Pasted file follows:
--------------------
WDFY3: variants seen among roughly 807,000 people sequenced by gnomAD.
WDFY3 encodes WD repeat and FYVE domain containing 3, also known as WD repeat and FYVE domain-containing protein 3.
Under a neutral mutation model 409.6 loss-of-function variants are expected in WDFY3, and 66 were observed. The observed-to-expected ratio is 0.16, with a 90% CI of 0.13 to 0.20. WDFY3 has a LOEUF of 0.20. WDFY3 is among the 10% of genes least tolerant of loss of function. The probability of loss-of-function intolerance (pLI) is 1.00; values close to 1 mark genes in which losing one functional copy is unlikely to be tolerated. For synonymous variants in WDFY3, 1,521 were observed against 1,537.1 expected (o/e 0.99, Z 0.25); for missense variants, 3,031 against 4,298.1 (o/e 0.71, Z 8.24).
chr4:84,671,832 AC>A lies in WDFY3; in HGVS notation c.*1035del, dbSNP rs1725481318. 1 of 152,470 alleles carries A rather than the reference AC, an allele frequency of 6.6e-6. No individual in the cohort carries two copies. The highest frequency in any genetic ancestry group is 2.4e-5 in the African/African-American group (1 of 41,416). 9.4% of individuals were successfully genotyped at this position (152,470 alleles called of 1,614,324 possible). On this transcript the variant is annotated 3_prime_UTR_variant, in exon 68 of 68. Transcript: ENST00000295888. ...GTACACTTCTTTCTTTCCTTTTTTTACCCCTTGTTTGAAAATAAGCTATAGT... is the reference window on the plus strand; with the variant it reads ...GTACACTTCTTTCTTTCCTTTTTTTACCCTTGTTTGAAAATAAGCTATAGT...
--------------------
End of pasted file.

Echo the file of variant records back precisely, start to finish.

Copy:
WDFY3: variants seen among roughly 807,000 people sequenced by gnomAD.
WDFY3 encodes WD repeat and FYVE domain containing 3, also known as WD repeat and FYVE domain-containing protein 3.
Under a neutral mutation model 409.6 loss-of-function variants are expected in WDFY3, and 66 were observed. The observed-to-expected ratio is 0.16, with a 90% CI of 0.13 to 0.20. WDFY3 has a LOEUF of 0.20. WDFY3 is among the 10% of genes least tolerant of loss of function. The probability of loss-of-function intolerance (pLI) is 1.00; values close to 1 mark genes in which losing one functional copy is unlikely to be tolerated. For synonymous variants in WDFY3, 1,521 were observed against 1,537.1 expected (o/e 0.99, Z 0.25); for missense variants, 3,031 against 4,298.1 (o/e 0.71, Z 8.24).
chr4:84,671,832 AC>A lies in WDFY3; in HGVS notation c.*1035del, dbSNP rs1725481318. 1 of 152,470 alleles carries A rather than the reference AC, an allele frequency of 6.6e-6. No individual in the cohort carries two copies. The highest frequency in any genetic ancestry group is 2.4e-5 in the African/African-American group (1 of 41,416). 9.4% of individuals were successfully genotyped at this position (152,470 alleles called of 1,614,324 possible). On this transcript the variant is annotated 3_prime_UTR_variant, in exon 68 of 68. Transcript: ENST00000295888. ...GTACACTTCTTTCTTTCCTTTTTTTACCCCTTGTTTGAAAATAAGCTATAGT... is the reference window on the plus strand; with the variant it reads ...GTACACTTCTTTCTTTCCTTTTTTTACCCTTGTTTGAAAATAAGCTATAGT...